Reviews - Aquarius
Reviewed By Ian Payne
Enter Diego, the son of the construction company boss, fresh out of business school in the USA, who is given the job of turning the site of The Aquarius into a modern high-rise. He needs Clara out and her negative response is both simple and dignified.
As Diego goes about his business by fair means and foul, we follow Clara as she gets on with her life and we see just why The Aquarius is so important to her. It is the centre of her world, it is where she brought up her children. It seems like the perfect retirement – she is wealthy and can afford to employ Ladjane as a cook and companion; her extended family is close; she has an extensive network of friends and then there is the Brazilian climate and the beach opposite for her daily dip and calisthenics.
Yet Diego's actions start to chip away at that quality of life and Clara needs to stand firm, not only against the Company but also her family who see Diego's financial inducement as a windfall that should not be ignored. In the end it is Clara's social network that comes to her aid rather than her close family.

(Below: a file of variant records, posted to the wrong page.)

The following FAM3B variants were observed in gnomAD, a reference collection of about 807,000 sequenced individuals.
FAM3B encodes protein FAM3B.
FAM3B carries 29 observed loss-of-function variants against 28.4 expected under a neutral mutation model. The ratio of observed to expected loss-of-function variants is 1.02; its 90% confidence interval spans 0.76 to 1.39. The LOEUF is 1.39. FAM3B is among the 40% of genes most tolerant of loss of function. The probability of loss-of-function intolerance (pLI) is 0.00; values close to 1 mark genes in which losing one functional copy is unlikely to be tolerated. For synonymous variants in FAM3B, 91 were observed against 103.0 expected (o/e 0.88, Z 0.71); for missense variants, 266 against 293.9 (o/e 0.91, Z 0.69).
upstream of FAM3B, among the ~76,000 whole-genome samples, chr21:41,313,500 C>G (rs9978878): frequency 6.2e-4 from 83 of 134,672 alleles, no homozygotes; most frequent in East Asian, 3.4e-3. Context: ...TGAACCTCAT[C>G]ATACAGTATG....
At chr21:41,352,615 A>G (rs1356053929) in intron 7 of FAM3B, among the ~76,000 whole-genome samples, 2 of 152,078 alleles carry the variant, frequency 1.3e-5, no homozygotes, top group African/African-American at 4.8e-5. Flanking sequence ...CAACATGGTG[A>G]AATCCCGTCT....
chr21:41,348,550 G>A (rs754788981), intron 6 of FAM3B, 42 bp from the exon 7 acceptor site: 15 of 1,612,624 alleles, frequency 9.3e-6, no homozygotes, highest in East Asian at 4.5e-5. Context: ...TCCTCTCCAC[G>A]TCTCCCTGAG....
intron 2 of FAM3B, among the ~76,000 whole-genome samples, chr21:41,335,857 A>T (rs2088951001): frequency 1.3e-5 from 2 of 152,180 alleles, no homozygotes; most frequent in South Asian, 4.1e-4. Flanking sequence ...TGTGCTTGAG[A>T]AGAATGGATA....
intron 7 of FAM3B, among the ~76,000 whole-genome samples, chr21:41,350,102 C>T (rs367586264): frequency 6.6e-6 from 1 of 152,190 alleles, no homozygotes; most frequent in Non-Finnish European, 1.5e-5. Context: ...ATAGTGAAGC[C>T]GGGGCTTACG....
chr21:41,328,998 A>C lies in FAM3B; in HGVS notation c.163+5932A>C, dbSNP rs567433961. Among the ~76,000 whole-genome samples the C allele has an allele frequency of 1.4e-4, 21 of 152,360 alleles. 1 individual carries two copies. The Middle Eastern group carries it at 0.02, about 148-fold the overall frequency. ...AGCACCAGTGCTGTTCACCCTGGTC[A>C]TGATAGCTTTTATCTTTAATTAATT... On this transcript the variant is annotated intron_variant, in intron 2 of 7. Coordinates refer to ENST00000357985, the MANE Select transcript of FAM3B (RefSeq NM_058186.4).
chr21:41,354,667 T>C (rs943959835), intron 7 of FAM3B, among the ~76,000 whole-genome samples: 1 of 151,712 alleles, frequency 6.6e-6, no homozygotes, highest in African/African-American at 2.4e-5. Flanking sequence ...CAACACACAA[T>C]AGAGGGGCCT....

Sonia Braga, who plays Clara is on screen for the majority of the film's two hours and, twenty minutes. She is mesmerising with a quiet beauty and dignity yet when Diego's friends try to drive her out with a loud and frankly obscene party in the vacant flat above her, her response is to pour a large glass of red wine and put a Queen LP on the turntable at full volume and sing along.
It was a film that divided the audience – one comment on the feedback slip was "One of the best if not the best film I have seen in ages. Very powerful" yet another was "Boring – walked out".
Certain Women that was shown at the Club a couple of weeks ago had the same divisive reaction. I loved Aquarius and was totally unmoved by Certain Women and in trying to analyse why, it came down to being able to relate to the lead characters. Clara is portrayed as an old lady, yet she is 'only' 65, she is fit and active and faces life head on – as Pete Townshend put it, its talking about my generation.
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